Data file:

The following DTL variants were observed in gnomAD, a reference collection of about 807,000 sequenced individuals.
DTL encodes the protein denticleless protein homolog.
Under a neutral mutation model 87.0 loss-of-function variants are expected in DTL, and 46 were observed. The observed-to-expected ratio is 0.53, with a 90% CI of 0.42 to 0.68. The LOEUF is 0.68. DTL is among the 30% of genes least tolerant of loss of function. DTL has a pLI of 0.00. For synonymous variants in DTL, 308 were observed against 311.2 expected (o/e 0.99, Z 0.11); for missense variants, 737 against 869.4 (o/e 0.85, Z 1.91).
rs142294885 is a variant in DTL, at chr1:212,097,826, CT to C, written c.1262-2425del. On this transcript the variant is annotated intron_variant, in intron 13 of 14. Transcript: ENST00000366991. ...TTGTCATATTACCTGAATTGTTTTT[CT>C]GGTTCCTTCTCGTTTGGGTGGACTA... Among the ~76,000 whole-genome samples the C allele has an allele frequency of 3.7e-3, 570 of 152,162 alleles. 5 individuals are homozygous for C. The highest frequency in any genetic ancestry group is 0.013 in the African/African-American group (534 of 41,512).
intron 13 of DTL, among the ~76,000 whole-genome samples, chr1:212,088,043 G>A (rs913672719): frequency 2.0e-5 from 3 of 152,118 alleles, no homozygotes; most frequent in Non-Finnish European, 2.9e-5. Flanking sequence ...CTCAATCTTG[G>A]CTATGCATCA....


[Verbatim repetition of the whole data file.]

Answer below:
The following DTL variants were observed in gnomAD, a reference collection of about 807,000 sequenced individuals.
DTL encodes the protein denticleless protein homolog.
Under a neutral mutation model 87.0 loss-of-function variants are expected in DTL, and 46 were observed. The observed-to-expected ratio is 0.53, with a 90% CI of 0.42 to 0.68. The LOEUF is 0.68. DTL is among the 30% of genes least tolerant of loss of function. DTL has a pLI of 0.00. For synonymous variants in DTL, 308 were observed against 311.2 expected (o/e 0.99, Z 0.11); for missense variants, 737 against 869.4 (o/e 0.85, Z 1.91).
rs142294885 is a variant in DTL, at chr1:212,097,826, CT to C, written c.1262-2425del. On this transcript the variant is annotated intron_variant, in intron 13 of 14. Transcript: ENST00000366991. ...TTGTCATATTACCTGAATTGTTTTT[CT>C]GGTTCCTTCTCGTTTGGGTGGACTA... Among the ~76,000 whole-genome samples the C allele has an allele frequency of 3.7e-3, 570 of 152,162 alleles. 5 individuals are homozygous for C. The highest frequency in any genetic ancestry group is 0.013 in the African/African-American group (534 of 41,512).
intron 13 of DTL, among the ~76,000 whole-genome samples, chr1:212,088,043 G>A (rs913672719): frequency 2.0e-5 from 3 of 152,118 alleles, no homozygotes; most frequent in Non-Finnish European, 2.9e-5. Flanking sequence ...CTCAATCTTG[G>A]CTATGCATCA....